The labor market remains highly competitive. Despite the macro prospects, we continue to see unemployment levels reaching numbers close to minimum records with July at 3.5%,1 which is even lower than the best months pre-pandemic, changing all the economic projections.
Ignoring the ability to hire and offer remote jobs won’t only be more challenging in the long run, as the active population continues to shrink and we continue to live in a word that offers more opportunities than ever (e.g., Uberization of services, remote jobs, internet of things (IoT), connected world, etc.). We come up with pain points when we mix macroeconomics and employees continuing to prefer remote work.
Remote Work Remains the Preference and Norm
According to the Teleperformance Business Insights Lab report 5 Key Trends for How Remote Work and Consumer Spending Have Changed Forever, more than 91% of TP employees prefer remote work or working-from-home due these benefits:
- 39% believe that it allows for an improved work/life balance
- 37% believe that it is good for their mental health
- 37% believe that they are more productive working from home
Based on these insights, companies that offer remote or hybrid (a combination of remote and in-house) options are and will be favored by employees and jobseekers.
The benefits of remote work extend to organizations, as many of Teleperformance’s clients experienced performance improvements and saw the advantages of remote work firsthand during the pandemic.
Given the overwhelming preference for remote work, the question becomes where can companies find talents, and how can they successfully get them onboard?
The Location-agnostic Approach
It should not be controversial to say that employees should be hired, and teams must be built on skill sets and experience, not on location, as thinking otherwise could be very limiting and unprofitable.
This is no longer rocket science, we as society understand today better than ever the work can be done “anywhere.” Humans care more about the quality of the service and less about its location.
Organizations that embrace a progressive and forward-thinking mindset but lack the infrastructure to carry out this approach can partner with a trusted and proven third-party service provider, as it makes more sense cost and operation-wise than attempting to do it in-house.
At Teleperformance we offer companies a hyper-agile sourcing model, our cloudshoring is a work-from-anywhere (WFA) approach where our clients benefit from the ability to combine talents:
- Onshore: Talent supporting clients in the served country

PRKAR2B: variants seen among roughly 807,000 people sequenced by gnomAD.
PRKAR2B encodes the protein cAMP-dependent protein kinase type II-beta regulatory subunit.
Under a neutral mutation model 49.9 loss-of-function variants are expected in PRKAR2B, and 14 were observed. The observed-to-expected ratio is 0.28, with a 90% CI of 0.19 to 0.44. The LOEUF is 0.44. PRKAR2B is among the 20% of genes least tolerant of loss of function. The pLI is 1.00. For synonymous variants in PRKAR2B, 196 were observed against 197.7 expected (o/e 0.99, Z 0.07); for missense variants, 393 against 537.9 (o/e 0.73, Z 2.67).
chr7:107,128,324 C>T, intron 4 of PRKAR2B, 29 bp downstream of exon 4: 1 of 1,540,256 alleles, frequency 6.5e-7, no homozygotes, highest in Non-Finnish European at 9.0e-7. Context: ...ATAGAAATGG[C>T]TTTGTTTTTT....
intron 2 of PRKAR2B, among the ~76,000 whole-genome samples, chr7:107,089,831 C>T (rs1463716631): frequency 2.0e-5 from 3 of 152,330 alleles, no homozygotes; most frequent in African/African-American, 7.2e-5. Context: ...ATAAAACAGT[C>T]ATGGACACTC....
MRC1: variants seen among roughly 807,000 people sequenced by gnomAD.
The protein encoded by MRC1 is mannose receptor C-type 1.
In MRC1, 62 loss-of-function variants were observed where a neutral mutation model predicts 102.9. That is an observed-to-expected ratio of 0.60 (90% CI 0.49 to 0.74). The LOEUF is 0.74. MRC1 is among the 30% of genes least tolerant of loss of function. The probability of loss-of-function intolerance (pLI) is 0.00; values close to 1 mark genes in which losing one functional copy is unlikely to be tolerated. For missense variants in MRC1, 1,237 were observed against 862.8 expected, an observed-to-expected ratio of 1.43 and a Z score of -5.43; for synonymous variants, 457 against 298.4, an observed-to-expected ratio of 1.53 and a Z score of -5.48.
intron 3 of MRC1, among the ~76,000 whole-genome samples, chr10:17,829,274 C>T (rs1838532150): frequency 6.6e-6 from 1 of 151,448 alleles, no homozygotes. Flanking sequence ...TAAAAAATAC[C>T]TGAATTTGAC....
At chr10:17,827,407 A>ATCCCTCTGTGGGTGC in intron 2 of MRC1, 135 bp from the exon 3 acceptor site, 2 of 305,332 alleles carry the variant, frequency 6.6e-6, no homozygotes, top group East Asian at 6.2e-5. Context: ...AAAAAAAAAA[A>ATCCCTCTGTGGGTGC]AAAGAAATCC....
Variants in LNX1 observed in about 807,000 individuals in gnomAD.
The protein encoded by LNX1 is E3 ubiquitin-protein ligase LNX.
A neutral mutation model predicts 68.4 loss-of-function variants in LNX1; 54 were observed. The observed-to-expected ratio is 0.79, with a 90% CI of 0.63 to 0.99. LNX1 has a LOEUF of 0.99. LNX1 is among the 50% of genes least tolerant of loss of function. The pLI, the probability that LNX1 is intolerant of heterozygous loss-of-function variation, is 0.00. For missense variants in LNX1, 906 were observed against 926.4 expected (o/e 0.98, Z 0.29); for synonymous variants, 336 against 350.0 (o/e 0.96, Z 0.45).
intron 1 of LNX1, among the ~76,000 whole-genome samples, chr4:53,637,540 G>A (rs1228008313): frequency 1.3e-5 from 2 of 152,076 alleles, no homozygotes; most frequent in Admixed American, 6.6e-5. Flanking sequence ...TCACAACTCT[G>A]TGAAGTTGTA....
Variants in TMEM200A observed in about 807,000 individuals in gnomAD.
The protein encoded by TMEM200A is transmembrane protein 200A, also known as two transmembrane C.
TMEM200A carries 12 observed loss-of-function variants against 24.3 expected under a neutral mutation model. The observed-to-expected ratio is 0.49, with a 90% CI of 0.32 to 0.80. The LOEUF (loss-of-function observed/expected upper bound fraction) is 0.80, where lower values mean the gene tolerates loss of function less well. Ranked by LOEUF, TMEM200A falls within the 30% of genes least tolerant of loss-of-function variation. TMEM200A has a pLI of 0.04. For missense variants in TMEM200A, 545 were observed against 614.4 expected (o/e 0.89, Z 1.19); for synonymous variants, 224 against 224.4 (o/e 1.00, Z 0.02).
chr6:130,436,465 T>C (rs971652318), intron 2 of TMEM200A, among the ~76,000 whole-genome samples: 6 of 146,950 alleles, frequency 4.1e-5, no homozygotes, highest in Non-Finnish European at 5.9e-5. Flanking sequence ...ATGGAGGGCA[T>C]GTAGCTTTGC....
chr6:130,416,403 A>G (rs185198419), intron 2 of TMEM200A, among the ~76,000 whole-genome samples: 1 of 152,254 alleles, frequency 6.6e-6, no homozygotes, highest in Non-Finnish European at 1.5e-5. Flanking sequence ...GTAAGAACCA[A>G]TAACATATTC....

- Nearshore: Talent supporting clients in a near country
- Offshore: Talent supporting client in operations overseas
Through cloudshoring, companies bring real advances for their business, such as:
- Access to cost-effective service delivery locations.
- Access to unlimited hiring and access to a broad and skilled talent pool.
- Elimination of hiring frontiers
- Reduced lead time and higher flexibility for growth, seasonality, and unplanned staffing challenges
- Optimized efforts associated with partnership management by removing the need to interact with multiple suppliers
- Easier process integration and consistency across markets through our connected teams
- Creation of frictionless expansion strategies
- Unmatched business resilience with strategic geographical talent allocation (e.g., health crisis, natural disaster, or event strikes)
Whether the economy is booming or in recession, companies will always look for the best talent, sometimes only in areas served by offices. They must decide between the office and having the right talent to fill their gaps and demands. While returning to the office, in some cases, may seem a reasonable decision – as facilities are empty, while continuing to incur costs, and having everyone back satisfies the missing human connection – developing a work-at-home, best-in-class operating model, will offset those reasons with fair benefits in the long run.
The simplest way to qualify this statement is to ask yourself if you would not hire the best resources at the best cost you found in a location where you do not have an office to fill a specific need.
When the Return to Office Mandate Backfired
Three significant reports collectively portray a concerning situation: The Greenhouse Candidate Experience Report, the Federal Reserve's Survey of Household Economics and Decision-making (SHED), and Unispace's "Returning for Good" report.2
According to Unispace, nearly half (42%) of companies that enforced office returns experienced more employee attrition than expected, and nearly a third (29%) encountered recruitment difficulties. Essentially, they were caught off guard by these issues, despite anticipating some level of attrition.
This wasn't entirely unexpected. The Greenhouse report indicates that a remarkable 76% of employees are willing to seek new opportunities if their companies abandon flexible work schedules. Additionally, historically underrepresented groups are 22% more inclined to explore other options if flexibility is eliminated.
The SHED survey underscores the seriousness of the matter, likening the dissatisfaction of transitioning from a flexible work model to a traditional one to a 2 to 3% reduction in pay.
In the next installments, I will continue exploring the advantages of embracing remote work now that it’s still in its infancy and what remote operations entail, necessitating a solid partnership with an experienced and proven provider. See you in the next blog!